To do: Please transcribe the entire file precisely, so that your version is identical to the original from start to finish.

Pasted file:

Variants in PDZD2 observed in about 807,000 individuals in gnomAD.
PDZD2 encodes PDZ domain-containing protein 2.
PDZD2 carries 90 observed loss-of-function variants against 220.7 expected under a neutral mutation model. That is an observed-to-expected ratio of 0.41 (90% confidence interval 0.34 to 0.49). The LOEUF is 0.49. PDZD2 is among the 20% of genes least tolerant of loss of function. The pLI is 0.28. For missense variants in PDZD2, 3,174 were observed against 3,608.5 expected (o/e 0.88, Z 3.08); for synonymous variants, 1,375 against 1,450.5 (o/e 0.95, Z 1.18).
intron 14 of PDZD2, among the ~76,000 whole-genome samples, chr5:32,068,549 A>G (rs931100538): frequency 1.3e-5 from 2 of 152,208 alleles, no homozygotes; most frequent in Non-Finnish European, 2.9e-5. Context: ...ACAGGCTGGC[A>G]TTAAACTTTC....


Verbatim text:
Variants in PDZD2 observed in about 807,000 individuals in gnomAD.
PDZD2 encodes PDZ domain-containing protein 2.
PDZD2 carries 90 observed loss-of-function variants against 220.7 expected under a neutral mutation model. That is an observed-to-expected ratio of 0.41 (90% confidence interval 0.34 to 0.49). The LOEUF is 0.49. PDZD2 is among the 20% of genes least tolerant of loss of function. The pLI is 0.28. For missense variants in PDZD2, 3,174 were observed against 3,608.5 expected (o/e 0.88, Z 3.08); for synonymous variants, 1,375 against 1,450.5 (o/e 0.95, Z 1.18).
intron 14 of PDZD2, among the ~76,000 whole-genome samples, chr5:32,068,549 A>G (rs931100538): frequency 1.3e-5 from 2 of 152,208 alleles, no homozygotes; most frequent in Non-Finnish European, 2.9e-5. Context: ...ACAGGCTGGC[A>G]TTAAACTTTC....